I know a guy who has a beautiful and fancy Pinarello Dogma road bike, with a curvy, twisty frame and 11-speed Campagnolo cassette. Having all ceramic bearings, this bike is the smoothest-rolling machine this guy has owned, he says. And given his 70+ years, he’s owned a lot. I keep offering to trade him straight across for my bike. Somehow, he never takes me up on that.
Not so ordinary Pinarello bike. Maybe not the paint scheme I’d go with, or the wheels, but I’d still trade you for it, with my bike, straight across …
My perfectly ordinary bike.
You see, my bike is average, ordinary. Heavy, by today’s standards. (20 lbs? I don’t know, I’ve never weighed it.) Nothing special to look at. It’s got lots of scratches and wears and tears — a testament to the 45,000 miles I’ve ridden it. It’s certainly not worth the price of a Pinarello, (for some of their models, $10,000 and upwards).
The Pinarellos are some of the nicest bikes out there. That is, unless you are into owning a custom bike, built to your specifications and your unique body geometry. And I know a guy who has such a bike, a beautiful Crumpton bike, born hand-made in Austin, Texas. This bike weighs 13 lbs fully loaded. You can easily pick it up with two fingers. This Crumpton masterpiece has a mesmerizing paint job that virtually glows in the sunshine, revealing a hologram-like carbon fiber weave pattern under a layer of glossy overcoat. Who knows what this bike cost, but it sure is a beauty.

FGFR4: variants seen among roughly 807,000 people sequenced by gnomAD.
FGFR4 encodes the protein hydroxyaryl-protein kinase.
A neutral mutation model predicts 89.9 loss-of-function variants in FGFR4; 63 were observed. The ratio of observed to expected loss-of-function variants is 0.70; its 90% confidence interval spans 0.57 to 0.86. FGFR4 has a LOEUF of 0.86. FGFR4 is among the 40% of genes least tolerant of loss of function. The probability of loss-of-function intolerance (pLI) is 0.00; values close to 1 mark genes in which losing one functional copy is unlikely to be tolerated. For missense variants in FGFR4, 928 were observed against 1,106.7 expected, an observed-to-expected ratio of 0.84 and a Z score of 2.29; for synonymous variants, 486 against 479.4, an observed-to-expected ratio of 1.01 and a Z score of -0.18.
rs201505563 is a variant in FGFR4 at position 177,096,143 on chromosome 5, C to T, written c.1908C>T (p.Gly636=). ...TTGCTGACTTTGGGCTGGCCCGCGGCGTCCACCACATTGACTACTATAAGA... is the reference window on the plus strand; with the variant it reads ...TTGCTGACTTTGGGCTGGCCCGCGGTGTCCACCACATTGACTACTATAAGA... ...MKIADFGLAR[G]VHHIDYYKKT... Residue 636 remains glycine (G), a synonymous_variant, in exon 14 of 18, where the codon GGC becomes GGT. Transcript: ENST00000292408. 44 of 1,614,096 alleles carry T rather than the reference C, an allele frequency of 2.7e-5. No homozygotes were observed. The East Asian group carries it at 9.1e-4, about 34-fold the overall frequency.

Crumpton custom bike. Yeah, I own, like two or three of these. I lost count … (Yeah, right!)
I sometimes wish I had a newer, fancier bike, more glossy, more sparkly. But you know what? That bike-lust vanishes as soon as I get on my ordinary bike and start riding. In fact, my whole bike vanishes underneath me. I’m so attuned to its movements that it’s like the bike is not there. I sometimes feel I’m riding on air. (Well, my “bottom” might not agree with that assessment …)
And should I be riding next to a Crumpton or Pinarello, a funny thing happens: Those bikes vanish, too.
You see, once I’m in motion, it’s matters not what my bike looks like, or what others look like. I don’t notice my bike or their bikes anymore. I only notice the exhilaration of moving through the wind, at speed, around corners, up hills, down hills, and on straight-aways. I’m part of a pack, and experience something I imagine is not unlike being in a herd of caribou, where from a wolf’s perspective, one caribou is pretty much like another. Once the pack is moving, all bikes — from the lowliest bike-path cruiser to the highest-end Crumpton or Pinarello — become the same. They become invisible. They are just machines after all, a means to an end.
After the pack has stopped, the bikes slowly become visible again. I notice the Crumpton, the Pinarello, the latest electronic shifters, the fancy, light, $2,000 carbon fiber wheels. I notice my average, ordinary bike.
Not that I care, mind you. I’m perfectly happy with what I have. It gets me the places I want to go, and that’s all that really matters.